When a fellow naval officer, a pilot, asked me the following question, I was stunned. “Surface warfare is a community without a mission,” he said. “What do you guys actually do?” He seemed so profoundly uninformed and the answer so obvious that I blurted out a string of catch phrases—power projection, sea control, mobility in the maritime domain. Then, realizing this meant nothing to him, I struggled to explain the surface Fleet in terms devoid of Navy jargon, even though I was speaking to someone who should have understood it with no problem.
The question highlights a significant problem that the Navy faces: our inability to articulate its purpose and importance to the American public. If an active-duty naval officer does not know what the Fleet is for, what must the average U.S. taxpayer and voter think? Amid increased naval competition and threatened Navy budgets, the implications of a populace unaware of our service’s function are dangerous.
To those of us who live in a naval world 24 hours a day, seven days a week, the surface Navy’s missions seem intuitive, but they are not. In fact, of all the services the Navy arguably has the most nuanced and complex role. Although it is a primary mission, the Navy does not exist solely to destroy rival navies; if it did, my aviator friend’s question would be valid. Why have such a powerful surface Fleet in the absence of an equivalent threat? Rather, the Navy fulfills multiple and complicated functions in U.S. foreign policy. The service can independently provide a threatening or comforting presence, strengthen alliances, permit the United States to “reach out and touch” other nations constructively or destructively, and enforce international norms, to name a few of its uses. The challenge lies in describing this in a manner that is accessible and convincing without losing the complexity of our mission.
In the late 19th century, advocates of U.S. naval power tried to convince an inward-looking citizenry, preoccupied with western expansion, that a navy was vital to American interests. That such a service could play a role in foreign policy beyond making war—that its mere presence was an asset—was a concept requiring clarification. Fortunately, proponents of naval modernization succeeded in spreading the message, and the United States emerged on the world stage as a naval power.
A similar dilemma faces our modern Navy. In the popular view today, the Navy is of minor use for counterinsurgency operations, occasionally launching Tomahawks over the horizon or air strikes from a carrier, or boarding suspicious vessels. Even these functions would probably be difficult for the average American to list. The public is simply not informed about our purpose. Movies and TV shows like Battleship and The Last Ship provide a glimpse into the naval world and show it in a favorable light—when facing alien attacks or global pandemics. The nation needs to be educated on why we need a powerful Fleet today, in the real world, to deal with real threats.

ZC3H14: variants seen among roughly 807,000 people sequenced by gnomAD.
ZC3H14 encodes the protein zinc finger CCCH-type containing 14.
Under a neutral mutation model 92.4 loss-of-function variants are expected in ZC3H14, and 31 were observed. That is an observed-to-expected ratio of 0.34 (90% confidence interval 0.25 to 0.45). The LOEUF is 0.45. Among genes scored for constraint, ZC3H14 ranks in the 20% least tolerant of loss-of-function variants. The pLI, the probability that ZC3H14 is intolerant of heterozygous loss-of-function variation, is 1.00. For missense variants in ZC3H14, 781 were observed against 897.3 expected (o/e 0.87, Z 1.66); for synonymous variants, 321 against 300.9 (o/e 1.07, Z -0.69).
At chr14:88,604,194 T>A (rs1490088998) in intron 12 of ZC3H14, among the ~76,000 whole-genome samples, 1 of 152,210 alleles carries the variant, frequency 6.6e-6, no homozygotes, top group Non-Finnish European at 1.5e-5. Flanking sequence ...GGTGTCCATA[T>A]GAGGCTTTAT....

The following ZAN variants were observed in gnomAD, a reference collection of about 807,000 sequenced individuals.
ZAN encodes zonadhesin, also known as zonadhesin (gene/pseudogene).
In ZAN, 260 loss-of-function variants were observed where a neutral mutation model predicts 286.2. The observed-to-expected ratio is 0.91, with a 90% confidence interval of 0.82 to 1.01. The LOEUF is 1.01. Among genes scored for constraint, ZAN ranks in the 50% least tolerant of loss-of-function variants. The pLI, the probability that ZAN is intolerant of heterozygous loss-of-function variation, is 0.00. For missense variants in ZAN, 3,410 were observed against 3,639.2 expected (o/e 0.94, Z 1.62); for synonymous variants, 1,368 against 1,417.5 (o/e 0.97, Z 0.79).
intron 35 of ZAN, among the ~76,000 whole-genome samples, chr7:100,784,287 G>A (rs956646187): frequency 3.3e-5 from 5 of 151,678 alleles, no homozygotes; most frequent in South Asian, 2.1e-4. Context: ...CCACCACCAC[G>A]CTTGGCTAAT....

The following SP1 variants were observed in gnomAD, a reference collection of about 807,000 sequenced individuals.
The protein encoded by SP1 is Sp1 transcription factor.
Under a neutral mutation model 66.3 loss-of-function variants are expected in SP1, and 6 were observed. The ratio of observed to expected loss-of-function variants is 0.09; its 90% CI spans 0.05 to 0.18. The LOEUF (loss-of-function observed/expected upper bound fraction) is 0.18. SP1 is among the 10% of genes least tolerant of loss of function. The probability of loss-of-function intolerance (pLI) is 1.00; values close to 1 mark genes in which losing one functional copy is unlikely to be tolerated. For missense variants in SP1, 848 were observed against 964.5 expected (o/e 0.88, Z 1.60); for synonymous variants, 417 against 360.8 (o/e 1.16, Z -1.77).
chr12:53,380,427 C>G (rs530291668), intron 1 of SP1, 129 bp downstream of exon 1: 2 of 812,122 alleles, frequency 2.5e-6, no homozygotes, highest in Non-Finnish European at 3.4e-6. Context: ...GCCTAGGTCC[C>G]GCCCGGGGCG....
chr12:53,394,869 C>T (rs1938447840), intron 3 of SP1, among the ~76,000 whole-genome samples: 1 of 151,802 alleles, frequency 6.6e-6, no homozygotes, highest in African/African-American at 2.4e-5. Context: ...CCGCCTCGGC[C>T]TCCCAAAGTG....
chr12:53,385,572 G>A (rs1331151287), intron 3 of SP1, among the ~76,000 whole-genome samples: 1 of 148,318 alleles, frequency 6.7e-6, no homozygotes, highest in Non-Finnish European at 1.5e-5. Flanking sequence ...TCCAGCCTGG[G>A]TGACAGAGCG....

Maritime disputes in East and Southeast Asia offer a compelling argument. However, most Americans are unaware of the growing potential for major conflict in East Asia. U.S. media rarely report on heated Asian maritime disputes, arms races, and national rivalries. This is unfortunate, since the region could be a flashpoint for international crises in the coming years. Lack of coverage of such issues is also detrimental to the Navy, since it is problems like these that provide the circumstances best exemplifying the roles of and necessity for a strong Navy.
These U.S. shortcomings are not lost on China, with a navy whose capabilities in some areas already surpass ours. The People’s Liberation Army Navy enjoys popular attention and political support as well as healthy discussion about its purpose and future. We could use the same level of discourse. Before that can happen, though, we must give details to the public about why we are here and what purpose we serve. This must be done without service-specific jargon, but also without so oversimplifying the message that it loses all meaning. “A Global Force for Good” may be an effective recruiting slogan, but as a message to the citizenry it says nothing about what the Navy actually does.
Without the interest and support of the general population, U.S. naval power is unsustainable. While we await the appearance of the next generation of Alfred Thayer Mahans—knowledgeable, respected scholars who step forward and present the case for a Navy anew—we should at least ensure that we, as sailors, are aware of and able to articulate the reasons for which this country needs a strong maritime force. We should know our own Navy.